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Power-supply tips

HOW TO! If you’re shopping for a new power-supply, and energy-efficiency really matters to you (and it probably should); here’s a couple tips.

80 PLUS?

Pick a power-supply with an 80 PLUS certification. There are some questionable elements in the certification methodology, but overall it still generally delivers: Units with the 80 PLUS certification are more efficient (and generally far more efficient) than those without. 80 PLUS Gold is better than 80 PLUS silver is better than 80 PLUS bronze, is better than just 80 PLUS; where better means ‘usually more efficient’.

How many watts?

Every major component in your PC should have a wattage rating. Add those up, and don’t forget the fans. They won’t pull that all the time, but on the rare occasions that they do, you’d rather the power-supply actually delivered, rather than faltering and having your system reboot. Inadequate power causes blue-screens, crashes, and graphics corruption, this may not affect you until you’re really slamming your video card with 3D for a while, as may well be the case with Second Life.

Check your largest-capacity hard-drive’s power requirements and add that figure in again. You might want to grab another hard-drive later, or a larger one. Wiggle-room is good. Most of these wattage figures are available on manufacturer’s websites. Add 5% to the total to allow a little slop.

Beware, the circumstances under which the output of a supply is tested. Manufacturers self-test the rating, and a power-supply can often deliver only half of what the sticker says it can under real-world circumstances. Add 25-30% to the wattage total you calculated for your components to compensate for potential … exaggerations.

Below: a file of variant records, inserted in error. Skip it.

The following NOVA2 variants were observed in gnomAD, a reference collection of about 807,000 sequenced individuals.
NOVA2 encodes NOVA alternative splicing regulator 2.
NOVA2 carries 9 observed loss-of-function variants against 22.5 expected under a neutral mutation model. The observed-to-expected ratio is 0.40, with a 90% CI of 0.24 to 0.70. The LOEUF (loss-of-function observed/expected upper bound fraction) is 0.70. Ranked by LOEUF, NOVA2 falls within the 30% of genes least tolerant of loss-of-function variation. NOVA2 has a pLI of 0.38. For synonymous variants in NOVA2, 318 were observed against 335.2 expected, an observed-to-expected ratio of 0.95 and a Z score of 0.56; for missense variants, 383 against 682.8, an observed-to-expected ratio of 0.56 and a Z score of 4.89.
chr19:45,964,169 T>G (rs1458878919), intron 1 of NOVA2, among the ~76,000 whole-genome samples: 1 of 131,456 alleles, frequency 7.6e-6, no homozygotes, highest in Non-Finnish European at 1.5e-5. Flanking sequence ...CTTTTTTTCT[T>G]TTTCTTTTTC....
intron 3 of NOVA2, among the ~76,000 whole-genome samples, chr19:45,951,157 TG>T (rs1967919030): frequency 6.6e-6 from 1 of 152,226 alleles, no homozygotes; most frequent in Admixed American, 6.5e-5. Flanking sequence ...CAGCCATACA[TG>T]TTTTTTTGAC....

Got that number? Now double it.

Your PSU will be most efficient at 50% load. That is, if the PSU delivers 700 watts, the efficiency will be at its peak when the unit is delivering roughly 350 watts.


If you can get it, yes. Non-modular supplies have that octopus-like cable bundle permanently affixed. Modular supplies have sockets, into which you plug only the power-cabling you need to hook your devices up (and fewer cables means better airflow, lower temperatures, and higher efficiency). Check what cables your modular supply comes with. You might want a couple extras.

Good luck! Oh, and the most important tip: don’t kill yourself (as unlikely as that may seem). Electricity is dangerous if mishandled.

Categories: Hardware, How To, Technology.

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